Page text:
RE: Questions: Should kernel panic when PCIe fatal error occurs?

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From: Shuai Xue
> Sent: 25 September 2023 02:44
> On 2023/9/21 21:20, David Laight wrote:
> > ...
> > I've got a target to generate AER errors by generating read cycles
> > that are inside the address range that the bridge forwards but
> > outside of any BAR because there are 2 different sized BARs.
> > (Pretty easy to setup.)
> > On the system I was using they didn't get propagated all the way
> > to the root bridge - but were visible in the lower bridge.
> So how did you observe it? If the error message does not propagate
> to the root bridge, I think no AER interrupt will be trigger.

I looked at the internal registers (IIRC in PCIe config space)
of the intermediate bridge.
I don't think the root bridge on that system supported AER.
(I was testing the generation of AER indications by our fpga.)

> > It would be nice for a driver to be able to detect/clear such
> > a flag if it gets an unexpected ~0u read value.
> > (I'm not sure an error callback helps.)
> IMHO, a general model is that error detected at endpoint should be
> routed to upstream port for example: RCiEP route error message to RCEC,
> so that the AER port service could handle the error, the device driver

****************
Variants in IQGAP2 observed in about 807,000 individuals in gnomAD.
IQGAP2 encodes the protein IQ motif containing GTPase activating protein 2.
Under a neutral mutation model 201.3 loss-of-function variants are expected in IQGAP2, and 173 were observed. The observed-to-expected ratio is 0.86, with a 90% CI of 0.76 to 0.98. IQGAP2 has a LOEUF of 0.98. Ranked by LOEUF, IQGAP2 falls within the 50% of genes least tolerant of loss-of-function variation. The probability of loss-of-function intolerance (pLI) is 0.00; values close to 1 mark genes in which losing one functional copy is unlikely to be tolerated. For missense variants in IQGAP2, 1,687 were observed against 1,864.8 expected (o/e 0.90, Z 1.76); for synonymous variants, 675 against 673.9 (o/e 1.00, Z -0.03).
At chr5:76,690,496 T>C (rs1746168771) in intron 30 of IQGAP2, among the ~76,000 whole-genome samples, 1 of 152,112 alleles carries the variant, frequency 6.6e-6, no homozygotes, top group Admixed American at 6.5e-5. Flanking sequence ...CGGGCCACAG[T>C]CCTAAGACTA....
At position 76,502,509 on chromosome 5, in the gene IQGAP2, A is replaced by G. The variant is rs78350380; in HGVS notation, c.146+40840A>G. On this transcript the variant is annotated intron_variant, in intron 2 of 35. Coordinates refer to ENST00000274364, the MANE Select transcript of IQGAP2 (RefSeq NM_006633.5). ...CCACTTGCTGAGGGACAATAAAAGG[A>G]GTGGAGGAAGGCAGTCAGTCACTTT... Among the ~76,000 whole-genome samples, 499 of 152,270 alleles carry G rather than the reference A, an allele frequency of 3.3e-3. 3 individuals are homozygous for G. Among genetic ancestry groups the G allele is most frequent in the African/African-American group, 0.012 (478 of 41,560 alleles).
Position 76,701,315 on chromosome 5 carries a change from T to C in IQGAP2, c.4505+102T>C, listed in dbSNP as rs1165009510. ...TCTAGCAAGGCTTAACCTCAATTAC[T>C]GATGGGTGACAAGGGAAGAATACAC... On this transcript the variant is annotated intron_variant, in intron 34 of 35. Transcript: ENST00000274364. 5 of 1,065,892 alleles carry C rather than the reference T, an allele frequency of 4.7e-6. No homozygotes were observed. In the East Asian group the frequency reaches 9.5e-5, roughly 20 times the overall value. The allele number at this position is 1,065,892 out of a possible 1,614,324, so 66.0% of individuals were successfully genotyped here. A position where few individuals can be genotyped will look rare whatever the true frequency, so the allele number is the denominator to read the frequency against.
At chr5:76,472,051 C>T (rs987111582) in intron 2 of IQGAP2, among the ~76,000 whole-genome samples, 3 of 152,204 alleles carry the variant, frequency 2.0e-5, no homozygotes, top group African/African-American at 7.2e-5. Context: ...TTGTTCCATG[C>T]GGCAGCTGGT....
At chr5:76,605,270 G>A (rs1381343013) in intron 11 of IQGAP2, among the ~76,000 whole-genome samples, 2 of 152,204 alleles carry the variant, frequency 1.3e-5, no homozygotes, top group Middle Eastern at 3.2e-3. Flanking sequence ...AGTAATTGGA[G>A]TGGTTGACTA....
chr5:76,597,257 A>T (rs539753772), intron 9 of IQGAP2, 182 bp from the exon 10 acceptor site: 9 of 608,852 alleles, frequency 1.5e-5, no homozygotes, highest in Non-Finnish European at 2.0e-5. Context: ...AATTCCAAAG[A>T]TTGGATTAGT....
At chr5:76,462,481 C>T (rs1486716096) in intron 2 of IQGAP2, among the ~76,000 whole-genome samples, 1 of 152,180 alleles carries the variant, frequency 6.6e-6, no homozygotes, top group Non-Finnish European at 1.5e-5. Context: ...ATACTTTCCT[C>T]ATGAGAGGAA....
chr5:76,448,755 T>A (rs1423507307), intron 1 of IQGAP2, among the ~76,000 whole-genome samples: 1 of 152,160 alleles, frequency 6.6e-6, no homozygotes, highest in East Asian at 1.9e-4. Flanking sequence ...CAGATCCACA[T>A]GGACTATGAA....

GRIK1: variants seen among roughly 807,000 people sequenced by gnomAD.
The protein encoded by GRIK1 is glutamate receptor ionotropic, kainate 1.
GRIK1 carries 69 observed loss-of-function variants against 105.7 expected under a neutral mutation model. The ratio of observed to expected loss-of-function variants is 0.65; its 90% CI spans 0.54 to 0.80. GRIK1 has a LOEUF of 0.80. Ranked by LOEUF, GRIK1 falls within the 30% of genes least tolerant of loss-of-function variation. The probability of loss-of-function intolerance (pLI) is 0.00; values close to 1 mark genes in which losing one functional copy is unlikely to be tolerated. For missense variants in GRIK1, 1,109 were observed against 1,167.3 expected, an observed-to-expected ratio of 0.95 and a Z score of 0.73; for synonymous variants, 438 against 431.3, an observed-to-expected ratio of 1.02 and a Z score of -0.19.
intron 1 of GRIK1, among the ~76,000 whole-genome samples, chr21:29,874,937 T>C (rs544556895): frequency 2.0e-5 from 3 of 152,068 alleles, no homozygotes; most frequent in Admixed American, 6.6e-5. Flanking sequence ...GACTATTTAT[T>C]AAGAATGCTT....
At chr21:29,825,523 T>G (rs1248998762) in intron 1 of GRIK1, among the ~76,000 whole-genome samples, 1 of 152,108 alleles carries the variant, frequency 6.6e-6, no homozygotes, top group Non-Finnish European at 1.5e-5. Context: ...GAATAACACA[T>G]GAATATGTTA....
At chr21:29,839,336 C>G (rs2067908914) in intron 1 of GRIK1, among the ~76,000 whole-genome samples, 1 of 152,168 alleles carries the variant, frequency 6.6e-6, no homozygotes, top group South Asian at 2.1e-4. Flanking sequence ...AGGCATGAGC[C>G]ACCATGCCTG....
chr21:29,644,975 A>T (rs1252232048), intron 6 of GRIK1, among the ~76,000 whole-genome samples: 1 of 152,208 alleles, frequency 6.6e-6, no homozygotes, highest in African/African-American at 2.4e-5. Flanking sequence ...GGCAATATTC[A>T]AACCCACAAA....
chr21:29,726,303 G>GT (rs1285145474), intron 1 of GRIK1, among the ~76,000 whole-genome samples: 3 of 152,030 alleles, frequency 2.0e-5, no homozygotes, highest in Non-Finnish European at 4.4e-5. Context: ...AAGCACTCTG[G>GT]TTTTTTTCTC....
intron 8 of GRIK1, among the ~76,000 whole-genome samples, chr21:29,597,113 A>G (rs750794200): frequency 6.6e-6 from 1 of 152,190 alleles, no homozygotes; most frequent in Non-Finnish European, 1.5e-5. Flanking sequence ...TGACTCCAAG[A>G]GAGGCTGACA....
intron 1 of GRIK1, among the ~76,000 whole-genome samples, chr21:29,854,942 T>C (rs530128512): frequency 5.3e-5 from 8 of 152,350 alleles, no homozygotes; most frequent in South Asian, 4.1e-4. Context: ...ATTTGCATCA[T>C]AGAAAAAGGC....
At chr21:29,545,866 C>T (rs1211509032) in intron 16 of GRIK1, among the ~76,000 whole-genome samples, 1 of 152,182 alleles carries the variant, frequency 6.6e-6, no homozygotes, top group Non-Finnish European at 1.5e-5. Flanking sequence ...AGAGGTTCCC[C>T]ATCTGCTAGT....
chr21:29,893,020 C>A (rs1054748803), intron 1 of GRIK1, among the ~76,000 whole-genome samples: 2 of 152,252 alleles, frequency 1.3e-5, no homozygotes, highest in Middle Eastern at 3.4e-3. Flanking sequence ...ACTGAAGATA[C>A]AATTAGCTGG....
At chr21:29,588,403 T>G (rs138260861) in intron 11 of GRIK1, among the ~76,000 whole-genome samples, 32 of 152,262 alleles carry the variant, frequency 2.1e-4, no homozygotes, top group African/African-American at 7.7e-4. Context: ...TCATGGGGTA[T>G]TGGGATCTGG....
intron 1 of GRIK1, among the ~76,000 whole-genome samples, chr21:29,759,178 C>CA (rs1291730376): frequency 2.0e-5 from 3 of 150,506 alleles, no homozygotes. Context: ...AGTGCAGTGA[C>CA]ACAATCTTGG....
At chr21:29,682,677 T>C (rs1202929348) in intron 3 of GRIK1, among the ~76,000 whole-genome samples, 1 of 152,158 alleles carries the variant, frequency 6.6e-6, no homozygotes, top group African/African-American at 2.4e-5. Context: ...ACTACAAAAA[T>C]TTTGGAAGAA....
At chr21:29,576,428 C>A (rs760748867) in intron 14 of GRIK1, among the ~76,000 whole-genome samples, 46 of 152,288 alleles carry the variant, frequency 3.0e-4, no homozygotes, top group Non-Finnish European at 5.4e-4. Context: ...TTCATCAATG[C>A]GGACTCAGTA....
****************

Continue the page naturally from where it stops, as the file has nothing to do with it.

> only have to implement error handler callback.

The problem is that that and callback is too late for something
triggered by a PCIe read.
The driver has to detect that the value is 'dubious' and wants
a method of detecting whether there was an associated AER (or other)
If the AER indication is routed through some external entity (like
board management hardware) there will be additional latency that
means that the associated interrupt (even if an NMI) may not have
been processed when the driver code is trying to determine what
This can only be made worse by the interrupt coming in on a
different cpu.

> > OTOH a 'nebs compliant' server routed any kind of PCIe link error
> > through to some 'system management' logic that then raised an NMI.
> > I'm not sure who thought an NMI was a good idea - they are pretty
> > impossible to handle in the kernel and too late to be of use to
> > the code performing the access.
> I think it is the responsibility of the device to prevent the spread of
> errors while reporting that errors have been detected. For example, drop
> the current, (drain submit queue) and report error in completion record.

I can generate two types of PCIe error:
- Read/write requests for addresses that aren't inside a BAR.
- Link failures that cause retraining and might need config
  space reconfiguring.

> Both NMI and MSI are asynchronous interrupts.

Indeed, which makes neither of them suitable for any indication
relating to a bus cycle failure.

> > In any case we were getting one after 'echo 1 >xxx/remove' and
> > then taking the PCIe link down by reprogramming the fpga.
> > So the link going down was entirely expected, but there seemed
> > to be nothing we could do to stop the kernel crashing.
> >
> > I'm sure 'nebs compliant' ought to contain some requirements for
> > resilience to hardware failures!
> How the kernel crash after a link down? Did the system detect a surprise
> down error?

It was a couple of years ago..
IIRC the 'link down' cause the hub to generate an AER error.
The root hub forwarded it to some 'board management hardware/software'
that then raised and NMI.
The kernel crashed because of an unexpected NMI.


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